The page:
To reduce barriers in accessing services and to ensure more people better see themselves in government regulations, the Province is removing almost 750 additional instances of gendered language across 16 ministries.
This is the most ever removed in one year and will help to make government regulations more inclusive.
“Using inclusive language wherever we can doesn’t just remove barriers to services, it also protects people’s rights,” said Grace Lore, Parliamentary Secretary for Gender Equity. “It’s a way for government to make life a bit easier for the thousands of British Columbians who face unnecessary barriers due to outdated language and to help address gender bias.”
Approximately 90% of the amendments address binary language such as “he,” “she,” “himself” or “herself,” and the remaining 10% amend gender-specific terms like “aunt,” “father” or “son.” Thirty-three regulations will also be updated through amendments unrelated to gendered language. For example, removing the outdated term “substance abuse” and replacing it with “substance use.”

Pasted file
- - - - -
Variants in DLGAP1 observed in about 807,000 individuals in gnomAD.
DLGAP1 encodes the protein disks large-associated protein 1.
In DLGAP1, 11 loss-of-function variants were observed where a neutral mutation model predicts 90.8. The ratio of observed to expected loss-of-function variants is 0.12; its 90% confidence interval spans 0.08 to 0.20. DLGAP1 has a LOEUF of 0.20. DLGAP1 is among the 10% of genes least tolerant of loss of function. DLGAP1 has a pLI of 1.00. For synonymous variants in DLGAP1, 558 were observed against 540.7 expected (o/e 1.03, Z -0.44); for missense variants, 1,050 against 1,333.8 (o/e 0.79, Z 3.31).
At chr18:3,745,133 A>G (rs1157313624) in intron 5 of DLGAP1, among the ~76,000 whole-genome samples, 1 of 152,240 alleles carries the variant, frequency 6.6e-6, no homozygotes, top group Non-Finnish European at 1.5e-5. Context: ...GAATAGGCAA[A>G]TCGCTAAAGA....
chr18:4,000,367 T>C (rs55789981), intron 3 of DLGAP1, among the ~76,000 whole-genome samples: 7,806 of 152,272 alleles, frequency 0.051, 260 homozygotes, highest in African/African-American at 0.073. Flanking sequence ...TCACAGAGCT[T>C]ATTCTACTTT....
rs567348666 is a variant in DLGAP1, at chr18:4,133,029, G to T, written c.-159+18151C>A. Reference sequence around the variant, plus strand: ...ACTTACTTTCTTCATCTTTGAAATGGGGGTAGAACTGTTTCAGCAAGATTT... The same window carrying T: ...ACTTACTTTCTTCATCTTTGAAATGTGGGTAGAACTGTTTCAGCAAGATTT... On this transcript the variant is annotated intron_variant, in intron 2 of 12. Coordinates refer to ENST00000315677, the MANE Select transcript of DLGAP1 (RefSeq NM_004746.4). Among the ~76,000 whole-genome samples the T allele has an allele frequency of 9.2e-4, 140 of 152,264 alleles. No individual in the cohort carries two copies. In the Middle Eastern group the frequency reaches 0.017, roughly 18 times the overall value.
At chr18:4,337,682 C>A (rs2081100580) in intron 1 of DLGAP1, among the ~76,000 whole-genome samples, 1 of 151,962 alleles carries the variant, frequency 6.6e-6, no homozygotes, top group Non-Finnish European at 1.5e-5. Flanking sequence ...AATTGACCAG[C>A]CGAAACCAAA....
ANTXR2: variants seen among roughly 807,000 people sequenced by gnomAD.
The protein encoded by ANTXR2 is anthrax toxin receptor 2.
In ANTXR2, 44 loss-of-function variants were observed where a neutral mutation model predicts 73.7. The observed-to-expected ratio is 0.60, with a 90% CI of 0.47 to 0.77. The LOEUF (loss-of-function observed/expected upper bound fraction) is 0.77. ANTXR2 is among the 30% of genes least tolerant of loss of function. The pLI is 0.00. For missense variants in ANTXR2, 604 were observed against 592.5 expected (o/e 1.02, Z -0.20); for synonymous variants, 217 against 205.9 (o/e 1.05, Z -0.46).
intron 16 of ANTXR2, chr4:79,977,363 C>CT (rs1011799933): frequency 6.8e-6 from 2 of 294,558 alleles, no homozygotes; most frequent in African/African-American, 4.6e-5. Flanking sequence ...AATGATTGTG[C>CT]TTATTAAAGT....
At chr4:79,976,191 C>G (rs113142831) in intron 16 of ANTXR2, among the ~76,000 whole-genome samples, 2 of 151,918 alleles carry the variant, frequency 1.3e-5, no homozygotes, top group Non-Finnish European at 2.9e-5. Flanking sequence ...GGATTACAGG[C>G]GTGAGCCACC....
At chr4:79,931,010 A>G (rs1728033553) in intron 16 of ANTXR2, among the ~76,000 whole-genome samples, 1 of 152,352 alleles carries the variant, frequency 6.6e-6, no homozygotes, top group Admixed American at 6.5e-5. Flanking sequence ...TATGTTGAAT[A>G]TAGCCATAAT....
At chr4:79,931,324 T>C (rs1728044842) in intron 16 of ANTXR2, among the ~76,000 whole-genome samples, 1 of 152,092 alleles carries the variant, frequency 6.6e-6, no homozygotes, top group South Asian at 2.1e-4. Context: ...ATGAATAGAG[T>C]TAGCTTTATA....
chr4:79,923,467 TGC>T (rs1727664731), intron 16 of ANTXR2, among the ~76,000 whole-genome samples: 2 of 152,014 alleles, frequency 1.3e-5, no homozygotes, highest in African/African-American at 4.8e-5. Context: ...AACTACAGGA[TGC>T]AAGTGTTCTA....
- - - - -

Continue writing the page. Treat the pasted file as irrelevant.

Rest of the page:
“Inclusive language matters, and by reframing language, we’re helping people from all walks of life feel included and supporting more British Columbians to reach their full potential,” said Ravi Kahlon, Minister of Jobs, Economic Recovery and Innovation. “As outlined in our StrongerBC Economic Plan, B.C.’s competitive advantage is its people. That’s why we’re committed to making sure the words we use better reflect the diversity and people of our province.”
The Better Regulations for British Columbians is an annual regulatory process that updates information in government regulations. Presenting regulatory changes in a single amendment package every year is an efficient way for ministries to make amendments to clarify, modernize, correct or repeal outdated information.
“The language we use shows how we think about people. This suite of changes shows trans people in British Columbia that this government is counting us in. Like explicit recognition for gender identity or expression in human rights legislation, these changes help Two-Spirit, trans and non-binary people recognize themselves in the law,” said Adrienne Smith (they/them), litigation director for the Catherine White Holman Wellness Centre’s All-Genders Legal Clinic. “My community has spent decades trying to get law-makers to recognize us in words like ‘parent’ and ‘spouse’. To have government undertake this update to regulations shows that we matter and we have been heard.”
Better Regulations for British Columbians supports the StrongerBC Economic Plan to build a more inclusive, sustainable and innovative economy for everyone by making sure that all British Columbians have equal access to government services, no matter their sexual orientation, gender identity, race or cultural beliefs.